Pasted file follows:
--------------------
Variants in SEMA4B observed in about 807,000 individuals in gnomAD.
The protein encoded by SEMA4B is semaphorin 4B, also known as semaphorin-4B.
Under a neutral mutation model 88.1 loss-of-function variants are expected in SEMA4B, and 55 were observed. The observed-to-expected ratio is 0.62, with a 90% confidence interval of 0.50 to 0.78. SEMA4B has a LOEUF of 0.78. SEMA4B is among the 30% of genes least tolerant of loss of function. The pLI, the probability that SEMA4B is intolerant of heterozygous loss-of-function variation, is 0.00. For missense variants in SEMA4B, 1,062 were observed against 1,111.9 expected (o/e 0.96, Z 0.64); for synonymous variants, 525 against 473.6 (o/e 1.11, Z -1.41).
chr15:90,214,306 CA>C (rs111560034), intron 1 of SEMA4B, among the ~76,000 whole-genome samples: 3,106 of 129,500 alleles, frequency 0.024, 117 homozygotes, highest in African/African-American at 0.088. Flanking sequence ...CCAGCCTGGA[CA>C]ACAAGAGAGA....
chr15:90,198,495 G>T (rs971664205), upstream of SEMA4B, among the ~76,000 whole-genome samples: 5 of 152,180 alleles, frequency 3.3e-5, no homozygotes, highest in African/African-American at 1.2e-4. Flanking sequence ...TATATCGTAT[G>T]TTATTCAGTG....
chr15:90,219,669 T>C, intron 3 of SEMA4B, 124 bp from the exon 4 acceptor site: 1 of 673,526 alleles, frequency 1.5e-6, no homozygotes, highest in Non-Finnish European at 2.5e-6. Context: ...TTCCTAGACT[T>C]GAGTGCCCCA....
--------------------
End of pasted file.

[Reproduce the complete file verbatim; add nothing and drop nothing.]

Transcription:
Variants in SEMA4B observed in about 807,000 individuals in gnomAD.
The protein encoded by SEMA4B is semaphorin 4B, also known as semaphorin-4B.
Under a neutral mutation model 88.1 loss-of-function variants are expected in SEMA4B, and 55 were observed. The observed-to-expected ratio is 0.62, with a 90% confidence interval of 0.50 to 0.78. SEMA4B has a LOEUF of 0.78. SEMA4B is among the 30% of genes least tolerant of loss of function. The pLI, the probability that SEMA4B is intolerant of heterozygous loss-of-function variation, is 0.00. For missense variants in SEMA4B, 1,062 were observed against 1,111.9 expected (o/e 0.96, Z 0.64); for synonymous variants, 525 against 473.6 (o/e 1.11, Z -1.41).
chr15:90,214,306 CA>C (rs111560034), intron 1 of SEMA4B, among the ~76,000 whole-genome samples: 3,106 of 129,500 alleles, frequency 0.024, 117 homozygotes, highest in African/African-American at 0.088. Flanking sequence ...CCAGCCTGGA[CA>C]ACAAGAGAGA....
chr15:90,198,495 G>T (rs971664205), upstream of SEMA4B, among the ~76,000 whole-genome samples: 5 of 152,180 alleles, frequency 3.3e-5, no homozygotes, highest in African/African-American at 1.2e-4. Flanking sequence ...TATATCGTAT[G>T]TTATTCAGTG....
chr15:90,219,669 T>C, intron 3 of SEMA4B, 124 bp from the exon 4 acceptor site: 1 of 673,526 alleles, frequency 1.5e-6, no homozygotes, highest in Non-Finnish European at 2.5e-6. Context: ...TTCCTAGACT[T>C]GAGTGCCCCA....